The First Quarter Moon is Saturday October 12. Mars and Jupiter are prominent in the early morning. Venus is easily visible in the western evening sky with Mercury below it. Saturn lowers in the evening sky. Venus comes close to the bright star Antares. Comet C/2012 S1 ISON visible in telescopes close to Mars.The First Quarter Moon is Saturday October 12. The Moon is at Perigee on the 11th.Evening sky looking west as seen from Adelaide at 20:00 pm ACDST on Thursday October 17. Venus is quite high in the evening sky above Saturn and Mercury, with the Moon just above the pair. The insets shows the telescopic view of Venus and Mercury at this time. Similar views will be seen elsewhere at the equivalent local times. Click to embiggen.Venus climbs higher in the evening twilight. It can easily be seen 20 minutes after sunset (indeed, with a little effort you can see it before sunset). The brightest (spectacularly so) object above the western horizon it is visible up to two hours or more after sunset (depending on how flat your western horizon is).Venus traverses the head of the Scorpion and comes close to the bright star Antares. It is a distinct gibbous shape in even small telescopesMercury is now easily visible in the evening twilight. Mercury climbs higher in the evening sky this week heading heading for Saturn. The pair are close on the 7th. Mercury is highest in the sky on the 9th, and will return towards the horizon after this. Saturn is still visible above the western horizon in the early evening twilight in the constellation of Virgo. Telescopic views of the ringed world are progressively harder as the planet gets lower in the sky and deeper in the twilight. Saturn sets around 9:00 pm local daylight saving time.Neptune is passed opposition, and still visible in strong binoculars. Location maps here which can be used in conjunction with the printable PDF maps below. My images with a little point and shoot camera here. Morning sky on Tuesday October 15 looking north-east as seen from Adelaide at 5:30 am ACST in South Australia. Jupiter is close to the star Wassat. Comet C/2012 S1 ISON is below Mars, and visible in amateur telescopes. The inset shows the view of Jupiter through a telescope at this time. Similar views will be seen elsewhere at the equivalent local time (click to embiggen).Jupiter is in the constellation Gemini. Mars is is in the constellation of Leo.Mars rises still higher in the morning twilight, and is visible well before twilight. Mars comes closer to the bright star Regulus and is closest between the15th and 17th .Jupiter is now well above the north-eastern horizon, above and well to to the left of Mars. It is quite easy to see in the morning sky well into the twilight. During the week Jupiter rises higher and draws away from the moderately bright star Wassat. Jupiter's Moons are now readily visible in binoculars.Comet C/2012 S1 ISON is expected to become very bright in late November Early December. Currently it is visible in modest amateur instruments such as 12" reflecting telescopes. The image to the left shows a high power view of the region around Mars with ISON (expanded from the unaided eye view above).While the comet will be around magnitude 10 at the beginning of October and around 8.6-9 mid October, it is never very high at Astronomical twilight (5 and 7 degrees above the horizon in most of Australia). The horizon murk means that that it will be mid October before the comet is visible in smaller telescopes such as 4" reflectors and late October for strong binoculars.The comet is just below and to the left of Mars (one degree and 2 arc seconds), making finding it relatively easy. Comet ISON was closest to Mars on October 1, but the orbital geometry means that from Earth it will appear closest on the 15th. There are lots of interesting things in the sky to view with a telescope. Especially with Venus so prominent in the sky. If you don't ha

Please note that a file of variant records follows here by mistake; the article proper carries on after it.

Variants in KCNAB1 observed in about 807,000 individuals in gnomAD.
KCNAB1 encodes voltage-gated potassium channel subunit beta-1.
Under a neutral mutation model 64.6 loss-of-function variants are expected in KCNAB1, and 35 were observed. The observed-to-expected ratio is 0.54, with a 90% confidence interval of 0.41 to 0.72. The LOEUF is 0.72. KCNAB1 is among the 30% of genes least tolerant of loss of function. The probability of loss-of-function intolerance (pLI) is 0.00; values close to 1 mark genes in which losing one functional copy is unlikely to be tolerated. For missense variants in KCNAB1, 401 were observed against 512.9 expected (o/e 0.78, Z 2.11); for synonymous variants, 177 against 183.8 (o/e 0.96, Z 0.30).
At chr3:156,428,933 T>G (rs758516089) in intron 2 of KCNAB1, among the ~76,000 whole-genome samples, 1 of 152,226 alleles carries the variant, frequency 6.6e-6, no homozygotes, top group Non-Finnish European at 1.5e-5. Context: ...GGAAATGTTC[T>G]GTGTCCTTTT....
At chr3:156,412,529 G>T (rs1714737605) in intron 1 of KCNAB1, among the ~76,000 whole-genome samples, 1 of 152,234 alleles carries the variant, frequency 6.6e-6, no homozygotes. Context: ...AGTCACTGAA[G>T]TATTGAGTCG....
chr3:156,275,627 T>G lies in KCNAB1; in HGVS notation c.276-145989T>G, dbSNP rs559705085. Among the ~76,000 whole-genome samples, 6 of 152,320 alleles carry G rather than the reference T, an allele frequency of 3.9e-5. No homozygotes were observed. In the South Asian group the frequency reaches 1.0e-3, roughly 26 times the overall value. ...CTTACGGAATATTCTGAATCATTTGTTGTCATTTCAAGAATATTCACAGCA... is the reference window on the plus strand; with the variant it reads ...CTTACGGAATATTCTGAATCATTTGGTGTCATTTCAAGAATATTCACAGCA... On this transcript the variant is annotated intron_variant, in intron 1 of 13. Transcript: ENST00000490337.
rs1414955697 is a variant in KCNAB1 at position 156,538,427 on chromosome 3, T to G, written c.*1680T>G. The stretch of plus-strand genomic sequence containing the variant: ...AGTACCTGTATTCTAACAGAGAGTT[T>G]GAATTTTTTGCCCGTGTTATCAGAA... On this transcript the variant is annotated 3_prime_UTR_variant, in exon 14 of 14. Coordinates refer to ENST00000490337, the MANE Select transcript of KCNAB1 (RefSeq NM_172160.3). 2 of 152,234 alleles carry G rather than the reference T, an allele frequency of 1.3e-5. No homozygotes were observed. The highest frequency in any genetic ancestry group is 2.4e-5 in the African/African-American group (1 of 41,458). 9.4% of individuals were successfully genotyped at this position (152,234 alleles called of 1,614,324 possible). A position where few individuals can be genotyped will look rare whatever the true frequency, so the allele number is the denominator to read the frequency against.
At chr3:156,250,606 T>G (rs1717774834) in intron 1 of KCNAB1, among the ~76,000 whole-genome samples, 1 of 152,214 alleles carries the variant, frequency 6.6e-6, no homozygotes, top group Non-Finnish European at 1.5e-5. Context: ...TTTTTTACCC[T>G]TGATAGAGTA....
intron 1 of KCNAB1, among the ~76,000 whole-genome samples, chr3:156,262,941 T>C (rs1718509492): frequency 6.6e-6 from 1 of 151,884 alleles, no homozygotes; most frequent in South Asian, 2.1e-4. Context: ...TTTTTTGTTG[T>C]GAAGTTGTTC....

1 day ago